You mentioned it being a longer scene, but it’s also in a movie with so much going on, then this scene just takes its time, and it makes it even stand out more.

No, completely, completely. And I always say, when people talk about how much they love that scene, I say, well, part of it is Damien’s brilliance. Because he paces the movie in such a way, that when there’s a scene like that, that are very still, and more quiet, and that the audience suddenly, it pulls their attention. So I give credit to that, too.

Has anyone said anything like that to you? Because they would have been wrong, obviously.

Actually, no. I’ve been very lucky that way. I mean, seriously, as much as I loved acting, I don’t know how much perseverance I would have had if, in the beginning, right in college, and right out of college, I hadn’t gotten a lot of positive reinforcement. If I had just run up against a wall all the time, I wonder how long I would have kept just plugging away at it? I don’t know.

I had to look this up because I remember when I was a little kid you were on a show I watched, it was called Teachers Only.

[Laughs] Oh gosh…

That cast is pretty stacked and it probably feels like something that might be a success, and then it gets canceled.

Right. Well, that was my first time, really doing anything on camera. So it was just kind of fun. When it ended, I was like, Oh, well, I guess that happens. I didn’t know anything. That’s what brought me out to LA from New York, that show. I was immediately offered another series, which didn’t last very long. And then I did another one, which didn’t last very long. I did one on HBO, which went for a season, and then I did another one that didn’t last too long. Then I did Designing Women, which I did for five years.

You said you got so much positive reinforcement. Those were five things in a row that didn’t last before you got Designing Women. That has to take perseverance to keep going.

But I was really never out of work.

Oh, I see.

Yeah, and people told me, they thought I was good. I mean, I was offered other things that I didn’t necessarily want to do, but even before I started making money, I’ve tried to be very choosy about what I did. And I think that has paid off. And I’ve always tried to be very versatile. I never wanted to be pigeonholed as one kind of character or another, or get typecast. The first job I got offered after I left Designing Women was to play Aileen Wuornos, America’s first female serial killer.

Oh wow.

And I thought, “Why did they think of me for that part?”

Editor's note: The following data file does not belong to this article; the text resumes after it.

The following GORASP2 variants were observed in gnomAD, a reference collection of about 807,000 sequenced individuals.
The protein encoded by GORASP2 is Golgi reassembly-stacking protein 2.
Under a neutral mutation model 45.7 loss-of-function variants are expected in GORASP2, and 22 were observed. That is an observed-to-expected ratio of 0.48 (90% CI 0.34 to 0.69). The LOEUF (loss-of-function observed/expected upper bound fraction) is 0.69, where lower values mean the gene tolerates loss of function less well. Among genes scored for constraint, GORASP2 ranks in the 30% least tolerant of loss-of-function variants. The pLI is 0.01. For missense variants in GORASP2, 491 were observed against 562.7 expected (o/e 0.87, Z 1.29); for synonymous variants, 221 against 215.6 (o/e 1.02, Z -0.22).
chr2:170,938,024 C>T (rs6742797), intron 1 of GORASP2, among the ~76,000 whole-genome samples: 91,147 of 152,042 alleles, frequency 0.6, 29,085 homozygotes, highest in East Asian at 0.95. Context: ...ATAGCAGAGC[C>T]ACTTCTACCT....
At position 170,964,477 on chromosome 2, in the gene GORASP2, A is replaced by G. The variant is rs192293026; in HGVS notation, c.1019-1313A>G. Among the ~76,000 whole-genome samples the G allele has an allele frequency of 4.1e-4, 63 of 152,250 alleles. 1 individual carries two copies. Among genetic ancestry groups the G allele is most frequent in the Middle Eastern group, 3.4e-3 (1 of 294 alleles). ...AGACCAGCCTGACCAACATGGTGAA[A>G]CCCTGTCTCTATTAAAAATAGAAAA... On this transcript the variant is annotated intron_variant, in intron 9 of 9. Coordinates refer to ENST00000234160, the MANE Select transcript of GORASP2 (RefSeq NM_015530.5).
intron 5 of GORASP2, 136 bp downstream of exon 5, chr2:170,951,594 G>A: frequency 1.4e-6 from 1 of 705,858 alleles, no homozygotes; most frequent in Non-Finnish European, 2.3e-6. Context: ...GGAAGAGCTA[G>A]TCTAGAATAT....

That’s the same person Charlize Theron played? Is that right?

She did it as a feature later. Yeah, it was a network film. I would love to have had a chance to do it as a feature, without sponsors and sensors and things. That would have been nice. But it was so opposite of my character in Designing Women. I said, “Why did you think of me for this part?” And he said, “I wanted her to be sympathetic.”

Well, you’ve done a really good job of not being pigeonholed. You succeeded. Watchmen is very different than The Brady Bunch Movie. These are very different things.

I loved Watchman.

Can I ask you about The Brady Bunch Movie? I do have one thing I want to ask you about that.

Of course! Brady sandwich!

It was on TV the other day and I re-watched it. It’s such a statement on early ’70s culture, but now it also works as a statement on mid-’90s culture.

Yes, that was so much fun. And I loved working with Michael McKean. I’ve actually played his wife or girlfriend a few times. He’s so great. There was a scene there in that movie that they cut, and I thought, why would you cut that scene? Because it summed up the Bradys and their neighbors.

The Dittmeyers.

Yeah, the Dittmeyers! Because it was a scene where it showed both our driveways, and there was a little hedge that separated our two driveways? And the greenery, the hedge on the Bradys’ side was bright green, and the hedge outside of the driveway was dead. Then it showed both husbands leaving for work, and of course, the Bradys kiss each other. And she hands him his briefcase, and he goes off in his car. Mr. Dittmeyer comes out, and then he goes back in, yells something to me, and I heave his briefcase at him and he walks into his car. And I thought, that was so perfect, it was so hilarious. I don’t know why they didn’t leave it in, because it was a very short little bit. I don’t know why they would have cut it.

You mentioned Watchmen. I’m sure this isn’t a surprise, but people still talk about that show. You knew that before doing it, right? That this is something that’s going to last for a bit.

Watchmen was such an extraordinary experience, and I was so shocked and humbled to not have known that piece of our history. You know what I mean? My father was a history teacher, and taught U.S. history, and I thought, “How did I not know?” Astonishing.

Like I said, I grew up in Missouri. Guess what? They didn’t teach us that in school, and we were one state over.

No, isn’t that incredible? Well, it was a matter of shame, I’m sure, too, for a while. It was very last minute. And I meant to thank at some point, publicly. So I have to thank Sigourney Weaver for turning the part down. Yes, that was a really fun character. I loved that character.